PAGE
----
Councils are told parking fees must help high street

Parking enforcement tickets on cars

Parking enforcement tickets on cars

People enjoying the atmosphere at Gunwharf Quays. All pictures: Habibur Rahman PPP-170625-000929006

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CAMPAIGNERS have welcomed a government minister’s call for an end to parking enforcement being used as a ‘cash cow’ by local authorities.

Local government secretary Eric Pickles said parking enforcement should support high streets and motorists.

It comes as local councils are collecting millions of pounds from motorists, with some authorities such as Havant Borough Council controversially increasing parking charges earlier this year and sparking huge petitions from residents.

Mr Pickles said: ‘Car parking is being used as a way of raising money... and the law is very clear, local authorities can’t do that.’

He added: ‘We want to rein in these overzealous and unfair rules on parking enforcement, so it focuses on supporting high streets and motorists, not raising money.’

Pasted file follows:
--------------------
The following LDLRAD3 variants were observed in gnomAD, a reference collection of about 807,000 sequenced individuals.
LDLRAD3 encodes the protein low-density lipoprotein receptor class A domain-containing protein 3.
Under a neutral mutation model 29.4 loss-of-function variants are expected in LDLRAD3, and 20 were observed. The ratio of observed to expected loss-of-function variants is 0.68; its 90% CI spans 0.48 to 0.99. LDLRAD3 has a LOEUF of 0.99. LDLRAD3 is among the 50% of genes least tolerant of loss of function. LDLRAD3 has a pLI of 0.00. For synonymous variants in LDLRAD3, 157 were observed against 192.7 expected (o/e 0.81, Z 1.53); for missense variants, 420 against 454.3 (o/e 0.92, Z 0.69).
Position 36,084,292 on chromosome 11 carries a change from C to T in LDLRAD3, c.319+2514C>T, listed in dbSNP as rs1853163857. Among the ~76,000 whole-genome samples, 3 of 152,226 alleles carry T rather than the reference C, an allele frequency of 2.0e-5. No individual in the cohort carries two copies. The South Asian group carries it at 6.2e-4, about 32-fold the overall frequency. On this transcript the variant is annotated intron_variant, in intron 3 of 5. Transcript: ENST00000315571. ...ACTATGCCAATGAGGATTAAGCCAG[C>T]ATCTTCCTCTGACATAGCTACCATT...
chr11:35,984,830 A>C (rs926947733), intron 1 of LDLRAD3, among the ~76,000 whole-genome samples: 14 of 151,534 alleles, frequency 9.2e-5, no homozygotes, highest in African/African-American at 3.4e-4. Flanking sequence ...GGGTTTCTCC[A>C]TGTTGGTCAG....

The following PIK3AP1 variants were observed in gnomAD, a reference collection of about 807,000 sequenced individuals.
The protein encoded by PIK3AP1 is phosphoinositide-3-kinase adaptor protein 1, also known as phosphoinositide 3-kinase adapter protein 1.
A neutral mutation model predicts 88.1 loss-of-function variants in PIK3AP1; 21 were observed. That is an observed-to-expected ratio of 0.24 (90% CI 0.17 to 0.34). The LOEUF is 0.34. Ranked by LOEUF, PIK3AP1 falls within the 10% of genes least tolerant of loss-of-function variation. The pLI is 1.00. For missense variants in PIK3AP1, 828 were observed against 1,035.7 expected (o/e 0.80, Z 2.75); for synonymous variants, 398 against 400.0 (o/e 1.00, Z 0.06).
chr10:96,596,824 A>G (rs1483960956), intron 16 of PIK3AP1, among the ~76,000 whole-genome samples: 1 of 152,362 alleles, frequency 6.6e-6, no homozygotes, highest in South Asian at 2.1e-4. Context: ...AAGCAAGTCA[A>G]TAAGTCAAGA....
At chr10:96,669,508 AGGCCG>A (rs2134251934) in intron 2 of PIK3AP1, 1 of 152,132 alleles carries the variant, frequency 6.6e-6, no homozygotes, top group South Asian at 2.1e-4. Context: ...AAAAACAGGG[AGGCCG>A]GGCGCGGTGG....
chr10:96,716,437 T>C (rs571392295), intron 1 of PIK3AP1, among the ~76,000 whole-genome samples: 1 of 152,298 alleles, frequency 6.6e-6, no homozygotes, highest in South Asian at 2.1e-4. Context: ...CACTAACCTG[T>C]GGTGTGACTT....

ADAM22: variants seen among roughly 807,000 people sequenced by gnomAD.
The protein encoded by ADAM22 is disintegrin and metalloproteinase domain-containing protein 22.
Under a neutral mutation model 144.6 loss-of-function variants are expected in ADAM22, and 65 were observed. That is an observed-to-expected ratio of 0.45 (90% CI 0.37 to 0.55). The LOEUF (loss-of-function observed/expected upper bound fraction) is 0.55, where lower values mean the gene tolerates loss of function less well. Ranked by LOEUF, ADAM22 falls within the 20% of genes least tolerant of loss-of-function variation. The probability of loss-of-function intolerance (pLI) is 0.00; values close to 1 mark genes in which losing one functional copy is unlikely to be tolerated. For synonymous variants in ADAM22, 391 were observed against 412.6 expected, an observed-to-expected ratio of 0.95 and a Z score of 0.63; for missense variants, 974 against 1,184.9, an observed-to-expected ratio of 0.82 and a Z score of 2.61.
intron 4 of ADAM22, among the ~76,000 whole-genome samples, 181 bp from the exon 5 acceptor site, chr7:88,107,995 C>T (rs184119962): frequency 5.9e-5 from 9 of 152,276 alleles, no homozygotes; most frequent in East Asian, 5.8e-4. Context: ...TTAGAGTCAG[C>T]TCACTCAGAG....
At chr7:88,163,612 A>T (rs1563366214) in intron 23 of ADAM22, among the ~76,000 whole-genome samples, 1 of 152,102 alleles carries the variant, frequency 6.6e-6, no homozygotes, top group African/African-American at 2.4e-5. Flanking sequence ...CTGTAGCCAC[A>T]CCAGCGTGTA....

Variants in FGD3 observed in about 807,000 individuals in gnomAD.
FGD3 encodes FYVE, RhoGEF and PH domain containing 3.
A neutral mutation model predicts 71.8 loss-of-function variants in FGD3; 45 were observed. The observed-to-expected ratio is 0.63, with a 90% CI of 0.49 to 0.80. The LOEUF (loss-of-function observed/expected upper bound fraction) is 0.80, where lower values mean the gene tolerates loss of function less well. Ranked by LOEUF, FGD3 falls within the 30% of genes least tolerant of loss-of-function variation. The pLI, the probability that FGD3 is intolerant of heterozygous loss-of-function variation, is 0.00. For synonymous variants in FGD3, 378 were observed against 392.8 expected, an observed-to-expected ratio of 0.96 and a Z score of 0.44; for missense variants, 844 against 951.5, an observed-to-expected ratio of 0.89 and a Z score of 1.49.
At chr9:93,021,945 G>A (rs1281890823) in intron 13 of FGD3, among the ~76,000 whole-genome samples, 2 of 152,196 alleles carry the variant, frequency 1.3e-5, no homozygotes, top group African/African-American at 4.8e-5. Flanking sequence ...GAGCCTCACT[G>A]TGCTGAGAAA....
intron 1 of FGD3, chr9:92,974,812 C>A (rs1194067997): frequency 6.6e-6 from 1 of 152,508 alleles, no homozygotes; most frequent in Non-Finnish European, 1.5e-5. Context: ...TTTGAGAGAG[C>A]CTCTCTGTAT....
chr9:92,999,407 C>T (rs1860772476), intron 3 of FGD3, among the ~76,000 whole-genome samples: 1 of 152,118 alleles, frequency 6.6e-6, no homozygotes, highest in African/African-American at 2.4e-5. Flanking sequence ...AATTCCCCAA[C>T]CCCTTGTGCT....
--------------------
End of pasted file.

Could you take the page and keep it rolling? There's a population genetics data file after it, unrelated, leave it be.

Mr Pickles called for a ban on local councils using CCTV cameras to fine motorists.

Councils in Portsmouth, Havant, Fareham and Gosport confirmed to The News they do not use this practice.

John Perry, who helped to collect more than 4,000 signatures to get the council to reconsider an increase in parking charges from 70p to £1 on Hayling Island, welcomed Mr Pickles’ comments.

Mr Perry, of St Catherine’s Road, Hayling, said: ‘The council needs to listen to the voters and listen to what they are being told by central government.

‘Residents should not have to pay extortionate car parking charges just to pop to the shops.’

A report by the RAC Foundation, an independent industry body, claimed councils were making large surpluses on their parking operations, with Portsmouth City Council banking £1.98m in 2011/12. Fareham Borough Council took £1.43m in the same year, with Gosport Borough Council taking £359,000 and Havant Borough Council taking £325,000, according to the figures.

However, council leaders have stressed income covers the cost of maintaining car parks and any excess is used to keep the council tax low and improve roads.

Natalie Meagher, service manager for neighbourhood quality for Havant, added: ‘No profit has currently been made from on-street parking enforcement and if it is, we are legally required to use this to improve roads and streets in the borough. With respect to off-street parking enforcement, any profit is ploughed back into improving the running of the service and the facilities provided in our car parks.’

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